On Fri, 21 May 2004, Ciaran O'Riordan wrote:
> patented, software will be patented. There are 25 patent offices
> in the EU where a patent can be applied for.
And presumably EU patents are all equivalent? (i'm guessing.. EU has
many equivalence rules).
> MS and IBM are paying multi-[bm]illion dollar legal teams to write these
> patent applications and to argue their court cases.
This and the general backing of big business for software patents,
along with fact that USA has them, generally leads me to think the
battle is a no-hoper.
I think the real battle to fight for is tougher examination of patent
claims. Patents are supposed to be granted only for processes and
ideas which are would not be obvious to someone skilled in the field.
The number one problem with patents is the low standard of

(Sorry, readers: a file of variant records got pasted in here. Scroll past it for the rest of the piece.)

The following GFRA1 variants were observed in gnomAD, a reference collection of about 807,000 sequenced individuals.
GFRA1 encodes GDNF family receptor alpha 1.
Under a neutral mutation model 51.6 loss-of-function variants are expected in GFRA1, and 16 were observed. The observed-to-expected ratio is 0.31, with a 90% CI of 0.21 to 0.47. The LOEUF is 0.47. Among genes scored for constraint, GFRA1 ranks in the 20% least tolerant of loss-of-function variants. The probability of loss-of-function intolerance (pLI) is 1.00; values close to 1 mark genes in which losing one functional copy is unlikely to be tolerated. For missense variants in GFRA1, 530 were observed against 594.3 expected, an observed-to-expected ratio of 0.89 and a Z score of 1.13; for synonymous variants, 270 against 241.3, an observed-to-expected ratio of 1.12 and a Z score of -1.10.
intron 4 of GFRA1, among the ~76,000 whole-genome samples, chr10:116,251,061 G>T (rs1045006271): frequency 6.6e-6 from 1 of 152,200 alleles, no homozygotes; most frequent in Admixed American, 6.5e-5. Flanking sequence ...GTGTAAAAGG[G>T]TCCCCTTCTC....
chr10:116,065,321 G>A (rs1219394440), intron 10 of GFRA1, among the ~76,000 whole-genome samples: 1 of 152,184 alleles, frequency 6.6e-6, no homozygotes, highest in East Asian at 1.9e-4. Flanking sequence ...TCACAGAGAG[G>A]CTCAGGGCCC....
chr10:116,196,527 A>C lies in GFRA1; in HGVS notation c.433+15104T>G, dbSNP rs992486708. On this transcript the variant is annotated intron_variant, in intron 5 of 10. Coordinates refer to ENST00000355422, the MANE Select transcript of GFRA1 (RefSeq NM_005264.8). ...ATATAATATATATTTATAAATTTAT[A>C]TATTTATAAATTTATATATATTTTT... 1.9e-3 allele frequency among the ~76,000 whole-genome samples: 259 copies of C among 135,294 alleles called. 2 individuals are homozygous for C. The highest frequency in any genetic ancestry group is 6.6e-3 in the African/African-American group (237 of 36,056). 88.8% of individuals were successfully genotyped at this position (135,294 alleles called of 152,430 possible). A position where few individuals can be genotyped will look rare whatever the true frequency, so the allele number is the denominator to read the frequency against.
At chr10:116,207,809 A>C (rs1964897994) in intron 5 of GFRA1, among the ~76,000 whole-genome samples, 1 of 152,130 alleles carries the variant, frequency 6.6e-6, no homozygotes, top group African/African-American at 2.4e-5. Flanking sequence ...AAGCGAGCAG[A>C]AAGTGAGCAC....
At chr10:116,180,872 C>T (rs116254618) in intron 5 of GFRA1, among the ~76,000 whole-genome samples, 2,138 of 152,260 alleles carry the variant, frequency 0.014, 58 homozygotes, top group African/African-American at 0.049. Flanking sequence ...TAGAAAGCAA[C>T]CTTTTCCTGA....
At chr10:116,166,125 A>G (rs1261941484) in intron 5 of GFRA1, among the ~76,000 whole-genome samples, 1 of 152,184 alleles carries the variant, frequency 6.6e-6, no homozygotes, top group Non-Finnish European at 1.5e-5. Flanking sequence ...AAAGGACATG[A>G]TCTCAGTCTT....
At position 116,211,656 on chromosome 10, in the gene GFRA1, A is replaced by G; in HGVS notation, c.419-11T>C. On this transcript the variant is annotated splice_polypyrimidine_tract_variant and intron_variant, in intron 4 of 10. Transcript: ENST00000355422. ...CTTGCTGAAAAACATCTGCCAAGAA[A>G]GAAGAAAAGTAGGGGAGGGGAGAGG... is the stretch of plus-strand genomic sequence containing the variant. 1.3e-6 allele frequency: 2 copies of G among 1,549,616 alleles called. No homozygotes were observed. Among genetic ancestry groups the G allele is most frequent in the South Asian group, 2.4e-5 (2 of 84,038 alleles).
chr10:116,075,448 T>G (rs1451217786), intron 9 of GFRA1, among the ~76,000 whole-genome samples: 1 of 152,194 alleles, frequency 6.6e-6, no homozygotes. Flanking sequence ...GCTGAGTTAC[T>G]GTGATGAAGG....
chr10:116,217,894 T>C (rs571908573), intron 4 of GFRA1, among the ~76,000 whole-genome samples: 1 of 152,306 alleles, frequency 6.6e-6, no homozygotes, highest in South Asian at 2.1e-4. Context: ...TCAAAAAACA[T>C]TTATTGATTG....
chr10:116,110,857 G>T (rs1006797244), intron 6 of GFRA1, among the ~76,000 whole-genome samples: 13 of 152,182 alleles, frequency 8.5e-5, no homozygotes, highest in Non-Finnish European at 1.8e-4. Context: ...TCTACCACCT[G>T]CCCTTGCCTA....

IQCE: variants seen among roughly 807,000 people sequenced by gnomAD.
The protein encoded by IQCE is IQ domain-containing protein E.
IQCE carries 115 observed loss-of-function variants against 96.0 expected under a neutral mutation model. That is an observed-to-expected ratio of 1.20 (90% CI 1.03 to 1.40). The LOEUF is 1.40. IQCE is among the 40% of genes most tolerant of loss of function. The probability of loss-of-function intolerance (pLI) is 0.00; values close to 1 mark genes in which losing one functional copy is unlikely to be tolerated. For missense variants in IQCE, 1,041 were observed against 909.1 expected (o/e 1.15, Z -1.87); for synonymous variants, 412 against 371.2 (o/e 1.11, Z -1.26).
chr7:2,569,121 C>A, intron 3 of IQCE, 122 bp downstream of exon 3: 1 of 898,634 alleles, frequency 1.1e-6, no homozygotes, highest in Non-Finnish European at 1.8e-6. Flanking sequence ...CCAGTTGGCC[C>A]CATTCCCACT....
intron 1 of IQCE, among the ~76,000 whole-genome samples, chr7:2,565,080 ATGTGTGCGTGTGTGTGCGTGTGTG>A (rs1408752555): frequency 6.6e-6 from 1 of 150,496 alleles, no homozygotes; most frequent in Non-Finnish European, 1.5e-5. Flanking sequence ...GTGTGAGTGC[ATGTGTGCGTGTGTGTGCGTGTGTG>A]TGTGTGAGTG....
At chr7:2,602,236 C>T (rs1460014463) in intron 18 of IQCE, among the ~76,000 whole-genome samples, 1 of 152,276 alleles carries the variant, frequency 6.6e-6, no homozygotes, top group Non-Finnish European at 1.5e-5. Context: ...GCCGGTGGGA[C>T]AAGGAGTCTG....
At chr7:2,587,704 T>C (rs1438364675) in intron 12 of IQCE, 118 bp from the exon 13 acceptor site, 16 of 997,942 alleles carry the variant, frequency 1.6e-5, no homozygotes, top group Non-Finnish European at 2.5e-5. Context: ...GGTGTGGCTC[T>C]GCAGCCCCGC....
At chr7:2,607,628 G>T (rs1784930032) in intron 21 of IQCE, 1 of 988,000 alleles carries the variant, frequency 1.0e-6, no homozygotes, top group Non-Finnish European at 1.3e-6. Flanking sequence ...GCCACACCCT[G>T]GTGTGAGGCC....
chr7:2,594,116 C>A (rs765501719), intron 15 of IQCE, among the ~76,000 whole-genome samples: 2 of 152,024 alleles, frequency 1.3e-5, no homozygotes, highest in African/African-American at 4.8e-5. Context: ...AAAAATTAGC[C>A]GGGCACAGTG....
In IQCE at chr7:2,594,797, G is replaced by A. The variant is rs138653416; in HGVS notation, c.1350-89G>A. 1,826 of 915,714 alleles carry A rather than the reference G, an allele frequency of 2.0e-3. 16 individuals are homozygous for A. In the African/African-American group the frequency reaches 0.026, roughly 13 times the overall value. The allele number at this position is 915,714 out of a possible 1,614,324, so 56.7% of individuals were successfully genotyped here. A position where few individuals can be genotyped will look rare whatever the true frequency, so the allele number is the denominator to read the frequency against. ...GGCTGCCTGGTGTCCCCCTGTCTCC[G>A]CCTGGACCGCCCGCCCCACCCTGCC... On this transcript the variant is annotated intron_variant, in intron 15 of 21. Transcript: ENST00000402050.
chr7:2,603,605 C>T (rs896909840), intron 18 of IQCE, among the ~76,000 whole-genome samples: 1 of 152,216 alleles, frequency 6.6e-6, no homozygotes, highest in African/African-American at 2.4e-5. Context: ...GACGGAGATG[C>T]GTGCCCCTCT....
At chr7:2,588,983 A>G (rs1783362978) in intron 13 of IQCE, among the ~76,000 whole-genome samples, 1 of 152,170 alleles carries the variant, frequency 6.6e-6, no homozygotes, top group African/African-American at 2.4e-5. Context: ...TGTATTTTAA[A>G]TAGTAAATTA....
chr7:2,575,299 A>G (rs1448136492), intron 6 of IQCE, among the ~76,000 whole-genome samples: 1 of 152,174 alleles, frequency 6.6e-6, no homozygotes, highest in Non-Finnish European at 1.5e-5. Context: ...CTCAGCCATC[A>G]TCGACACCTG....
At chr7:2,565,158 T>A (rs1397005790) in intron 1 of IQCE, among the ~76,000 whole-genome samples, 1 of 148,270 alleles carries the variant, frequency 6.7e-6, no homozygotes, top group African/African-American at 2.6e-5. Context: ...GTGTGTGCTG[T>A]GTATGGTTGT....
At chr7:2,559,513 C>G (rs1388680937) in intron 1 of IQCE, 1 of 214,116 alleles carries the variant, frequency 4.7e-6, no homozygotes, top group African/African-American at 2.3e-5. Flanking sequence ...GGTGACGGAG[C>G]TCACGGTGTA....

examination. If that were fixed many of the evils of patents would be
mitigated, especially for software patents - obviousness seems to be
worst aspect to them.
A secondary battle that could be fought, but a far weaker one, is
interoperability. Eg, that data formats, of themselves should not be
patentable. However, one problem is that form often follows function,
so for a truly new idea that involves a format, it often will not be
possible to implement something to use the format without violating
the patent on function. (eg imagine some clever file system, the
cleverness may be reflected in the fs format, eg see WAFL).
The most pragmatic battle to fight is to raise the bar for patent
claims to be granted, imho.
(i dont agree with software patents, but hey.)
Paul Jakma paul at clubi.iepaul at jakma.org Key ID: 64A2FF6A
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